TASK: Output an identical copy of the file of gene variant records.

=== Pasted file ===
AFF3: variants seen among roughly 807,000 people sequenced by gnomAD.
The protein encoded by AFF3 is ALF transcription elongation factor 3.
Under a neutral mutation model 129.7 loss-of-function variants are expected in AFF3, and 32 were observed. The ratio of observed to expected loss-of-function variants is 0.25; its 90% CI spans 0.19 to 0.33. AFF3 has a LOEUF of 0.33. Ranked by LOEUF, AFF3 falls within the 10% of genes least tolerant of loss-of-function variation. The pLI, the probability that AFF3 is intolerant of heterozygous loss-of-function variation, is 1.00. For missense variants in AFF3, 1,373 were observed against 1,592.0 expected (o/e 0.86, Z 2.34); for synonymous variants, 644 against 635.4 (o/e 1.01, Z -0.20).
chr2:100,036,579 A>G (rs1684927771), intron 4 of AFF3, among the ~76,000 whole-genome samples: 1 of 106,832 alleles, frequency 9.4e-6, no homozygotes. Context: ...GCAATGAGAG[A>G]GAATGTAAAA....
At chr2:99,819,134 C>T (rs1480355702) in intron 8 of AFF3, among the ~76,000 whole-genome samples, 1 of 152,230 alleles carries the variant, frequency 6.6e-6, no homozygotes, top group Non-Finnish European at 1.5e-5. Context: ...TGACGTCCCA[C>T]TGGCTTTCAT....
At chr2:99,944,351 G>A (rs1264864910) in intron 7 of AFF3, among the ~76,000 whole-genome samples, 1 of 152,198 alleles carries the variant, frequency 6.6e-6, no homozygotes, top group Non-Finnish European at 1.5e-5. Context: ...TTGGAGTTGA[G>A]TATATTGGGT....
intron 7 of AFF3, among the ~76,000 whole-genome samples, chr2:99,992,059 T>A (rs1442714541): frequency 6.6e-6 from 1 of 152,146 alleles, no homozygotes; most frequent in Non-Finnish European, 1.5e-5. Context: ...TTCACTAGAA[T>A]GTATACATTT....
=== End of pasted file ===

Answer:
AFF3: variants seen among roughly 807,000 people sequenced by gnomAD.
The protein encoded by AFF3 is ALF transcription elongation factor 3.
Under a neutral mutation model 129.7 loss-of-function variants are expected in AFF3, and 32 were observed. The ratio of observed to expected loss-of-function variants is 0.25; its 90% CI spans 0.19 to 0.33. AFF3 has a LOEUF of 0.33. Ranked by LOEUF, AFF3 falls within the 10% of genes least tolerant of loss-of-function variation. The pLI, the probability that AFF3 is intolerant of heterozygous loss-of-function variation, is 1.00. For missense variants in AFF3, 1,373 were observed against 1,592.0 expected (o/e 0.86, Z 2.34); for synonymous variants, 644 against 635.4 (o/e 1.01, Z -0.20).
chr2:100,036,579 A>G (rs1684927771), intron 4 of AFF3, among the ~76,000 whole-genome samples: 1 of 106,832 alleles, frequency 9.4e-6, no homozygotes. Context: ...GCAATGAGAG[A>G]GAATGTAAAA....
At chr2:99,819,134 C>T (rs1480355702) in intron 8 of AFF3, among the ~76,000 whole-genome samples, 1 of 152,230 alleles carries the variant, frequency 6.6e-6, no homozygotes, top group Non-Finnish European at 1.5e-5. Context: ...TGACGTCCCA[C>T]TGGCTTTCAT....
At chr2:99,944,351 G>A (rs1264864910) in intron 7 of AFF3, among the ~76,000 whole-genome samples, 1 of 152,198 alleles carries the variant, frequency 6.6e-6, no homozygotes, top group Non-Finnish European at 1.5e-5. Context: ...TTGGAGTTGA[G>A]TATATTGGGT....
intron 7 of AFF3, among the ~76,000 whole-genome samples, chr2:99,992,059 T>A (rs1442714541): frequency 6.6e-6 from 1 of 152,146 alleles, no homozygotes; most frequent in Non-Finnish European, 1.5e-5. Context: ...TTCACTAGAA[T>A]GTATACATTT....